The tipping point toward a settlement of Authors Guild v. Google was the realization that it offered a way to skirt this problem entirely. Authors Guild was a class action lawsuit, and the class included everyone who held an American copyright in one or more books. In a class action, the named plaintiffs litigate on behalf of the whole class (though anyone who wants to can opt out).
So a settlement of the Authors Guild case could theoretically bind just about every author and publisher with a book in an American library. In particular, you could craft a deal in which copyright owners, as a class, agreed to release any claims against Google for scanning and displaying their books, in exchange for a cut of the revenue on sales of those books.
“If you have a kind of an institutional problem,” said Jeff Cunard, a partner at Debevoise & Plimpton who represented the publishers in the case, “you can address the issue through a class-action settlement mechanism, which releases all past claims and develops a solution on a going-forward basis. And I think the genius here was of those who saw this as a way of addressing the problem of out-of-print books and liberating them from the dusty corners to which they’d been consigned.”"
google  googlebooks  books  scanning  copyright  technology  classaction  vcr  mprr  pianoroll  vinyl  radio  tv  napster  settlement  larrypage 
may 2018 by gohai
SoundMachine Partners With Napster for Expanded Music Subscription Service for Businesses
SoundMachine announced a new premium music subscription, in partnership with Napster, designed to provide on-brand music experiences for businesses. The service, Business Premium powered by Napster, allows large and small businesses in the U.S., Canada and Spain to access hundreds of AI-generated and human-curated stations, as well as the ability to create a custom station from an artist or song using the Napster catalog.
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march 2018 by motiveunknown
Top 10 Sexy Banned Commercials | Best Images Collections HD For Gadget windows Mac Android
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IFTTT  WordPress  Sexy  banned  commercials  Beyonce  carl's  jr.  celebrities  Kylie  napster  television  top  10  tv  WatchMojo 
august 2017 by wotek
2017 Digital Music Scoreboard | JonMaples.com
But as 2017 starts, I do think it’s worth pausing to reflect on where the industry is and how it’s trending. After all, without a scorecard, how are we supposed to know who’s leading? So I offer you my 2017 Digital Music Scoreboard.
music  streamingmedia  review  management  strategy  Spotify  Amazon  AppleMusic  SiriusXM  Google  GooglePlay  GoogleMusicAllAccess  PandoraTidal  Napster  Deezer  Soundcloud  JonMaples  2017 
january 2017 by inspiral
Rhapsody rebrands itself as Napster because ¯_(ツ)_/¯ | The Verge
[…] now, in a bizarre move, Rhapsody is relaunching as Napster, the service it acquired in 2011 which is also synonymous with rampant file sharing and music piracy. "No changes to your playlists, favorites, albums, and artists," says a blog post on Rhapsody's website. "Same music. Same service. Same price. 100% the music you love. Stay tuned!"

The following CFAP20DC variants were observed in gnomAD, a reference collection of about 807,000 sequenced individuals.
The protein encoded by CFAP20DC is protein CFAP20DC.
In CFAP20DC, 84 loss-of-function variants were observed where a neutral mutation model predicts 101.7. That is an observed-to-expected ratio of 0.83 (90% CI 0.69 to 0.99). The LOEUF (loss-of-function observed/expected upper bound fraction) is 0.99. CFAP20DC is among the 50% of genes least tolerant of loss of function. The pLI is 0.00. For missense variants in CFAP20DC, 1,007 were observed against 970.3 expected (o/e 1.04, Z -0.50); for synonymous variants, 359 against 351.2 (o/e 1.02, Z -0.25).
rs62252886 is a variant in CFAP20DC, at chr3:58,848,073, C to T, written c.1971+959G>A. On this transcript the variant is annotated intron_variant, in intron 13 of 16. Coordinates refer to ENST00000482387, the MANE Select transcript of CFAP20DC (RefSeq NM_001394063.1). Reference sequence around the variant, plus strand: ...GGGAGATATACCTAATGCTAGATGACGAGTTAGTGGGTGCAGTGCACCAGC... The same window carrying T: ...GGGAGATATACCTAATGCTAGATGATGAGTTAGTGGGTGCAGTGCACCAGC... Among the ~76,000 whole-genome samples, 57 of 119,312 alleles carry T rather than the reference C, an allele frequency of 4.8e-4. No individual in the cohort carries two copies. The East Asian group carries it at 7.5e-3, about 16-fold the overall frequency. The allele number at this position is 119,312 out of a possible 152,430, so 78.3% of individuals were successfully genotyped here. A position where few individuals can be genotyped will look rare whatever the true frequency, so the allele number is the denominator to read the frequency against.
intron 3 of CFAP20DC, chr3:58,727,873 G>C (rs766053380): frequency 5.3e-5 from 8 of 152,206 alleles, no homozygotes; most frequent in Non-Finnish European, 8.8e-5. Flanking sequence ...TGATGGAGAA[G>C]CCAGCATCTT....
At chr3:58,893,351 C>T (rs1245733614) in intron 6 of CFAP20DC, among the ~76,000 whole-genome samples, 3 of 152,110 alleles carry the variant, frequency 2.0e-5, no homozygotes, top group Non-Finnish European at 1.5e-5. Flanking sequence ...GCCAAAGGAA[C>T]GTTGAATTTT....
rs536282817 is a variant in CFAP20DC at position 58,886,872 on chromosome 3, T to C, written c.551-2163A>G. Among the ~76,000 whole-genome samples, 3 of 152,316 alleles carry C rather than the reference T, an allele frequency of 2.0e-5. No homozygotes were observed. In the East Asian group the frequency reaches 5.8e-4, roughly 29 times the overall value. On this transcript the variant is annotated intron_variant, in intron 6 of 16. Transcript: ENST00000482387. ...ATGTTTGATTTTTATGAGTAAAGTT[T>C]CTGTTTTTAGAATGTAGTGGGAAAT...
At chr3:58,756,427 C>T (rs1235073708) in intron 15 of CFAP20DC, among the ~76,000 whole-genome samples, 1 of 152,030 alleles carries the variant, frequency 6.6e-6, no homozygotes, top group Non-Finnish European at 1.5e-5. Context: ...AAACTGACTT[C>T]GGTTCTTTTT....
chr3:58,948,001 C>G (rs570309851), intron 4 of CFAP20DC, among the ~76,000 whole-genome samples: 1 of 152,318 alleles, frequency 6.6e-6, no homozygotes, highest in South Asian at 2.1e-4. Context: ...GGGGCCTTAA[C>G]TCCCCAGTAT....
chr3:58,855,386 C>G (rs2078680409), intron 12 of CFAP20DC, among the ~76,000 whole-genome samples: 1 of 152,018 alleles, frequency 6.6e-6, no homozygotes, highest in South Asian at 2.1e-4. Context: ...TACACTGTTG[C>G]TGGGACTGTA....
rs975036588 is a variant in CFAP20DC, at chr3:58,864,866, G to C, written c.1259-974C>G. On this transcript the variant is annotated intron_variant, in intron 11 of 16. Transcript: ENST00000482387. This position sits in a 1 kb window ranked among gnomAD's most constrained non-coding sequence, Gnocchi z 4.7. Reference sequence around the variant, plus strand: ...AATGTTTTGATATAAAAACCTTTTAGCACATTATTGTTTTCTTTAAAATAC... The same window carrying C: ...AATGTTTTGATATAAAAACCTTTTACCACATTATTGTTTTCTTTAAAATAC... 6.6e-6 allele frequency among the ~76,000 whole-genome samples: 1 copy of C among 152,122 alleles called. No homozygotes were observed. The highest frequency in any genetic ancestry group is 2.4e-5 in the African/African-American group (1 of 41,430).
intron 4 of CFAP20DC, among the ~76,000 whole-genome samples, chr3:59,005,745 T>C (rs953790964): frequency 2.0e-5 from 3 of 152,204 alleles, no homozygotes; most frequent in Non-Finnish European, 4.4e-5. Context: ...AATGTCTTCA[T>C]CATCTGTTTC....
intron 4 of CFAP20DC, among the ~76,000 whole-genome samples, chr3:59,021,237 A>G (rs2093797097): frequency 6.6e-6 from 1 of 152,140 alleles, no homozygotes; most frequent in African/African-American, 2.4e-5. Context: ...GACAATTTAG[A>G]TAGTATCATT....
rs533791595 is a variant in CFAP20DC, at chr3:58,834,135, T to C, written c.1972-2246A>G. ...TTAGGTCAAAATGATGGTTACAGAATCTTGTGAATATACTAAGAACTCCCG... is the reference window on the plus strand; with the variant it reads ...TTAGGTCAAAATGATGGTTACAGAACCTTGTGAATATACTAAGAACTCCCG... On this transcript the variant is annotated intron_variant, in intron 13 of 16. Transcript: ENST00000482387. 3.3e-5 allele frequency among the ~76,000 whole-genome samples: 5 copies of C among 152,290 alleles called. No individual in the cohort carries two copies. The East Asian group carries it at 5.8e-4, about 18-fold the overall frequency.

Apparently the Napster name has better global pull than Rhapsody, and the company was already using that name, and the logo of a cool cat with headphones, in markets like Canada. […] The tagline Rhapsody is going with now is "Napster is coming," which seems a little too similar to a Game of Thrones reference. We get it, you're bringing a zombie brand back to life! In the meantime, amid rumors that its San Francisco office would be shutting down, Rhapsody / Napster CEO Mike Davis confirmed there would be some layoffs. But he emphasized that the service saw 35 percent growth in paid subscribers last year, finishing out 2015 with 3.5 million customers.
napster  rhapsody  marketing  musica  mb  wtf 
june 2016 by nicoladagostino
DonΓÇÖt blame YouTube for screwing musicians, blame Metallica: Their fight with Na...
Instead of bringing musicians together over the right to get paid for their work, Metallica managed to drive them apart. The fact that Metallica was looking for $100,000 for every violation of copyright didnΓÇÖt make the band look humble. The PR was so bad that nearly every other band fled from the conflict, and even though Napster shut down a year later, Silicon Valley triumphed, and musicians got a reputation for being greedy and litigious. It was the equivalent of the disastrous launch of the Tidal steaming service ΓÇö but since it took place at the very beginning of a conflict, it established the terms. These days, when you talk about issues of artists rights, youΓÇÖll hear how bad the labels are, how musicians are rich and greedy, how music wants to be free, and how bands should stay on tour year round. You canΓÇÖt blame Metallica for that entirely, of course. But you canΓÇÖt pin it all on tech company lobbying, either.
piracy  metallica  napster  internet  recordindustry  Delicious 
april 2016 by StJohnBosco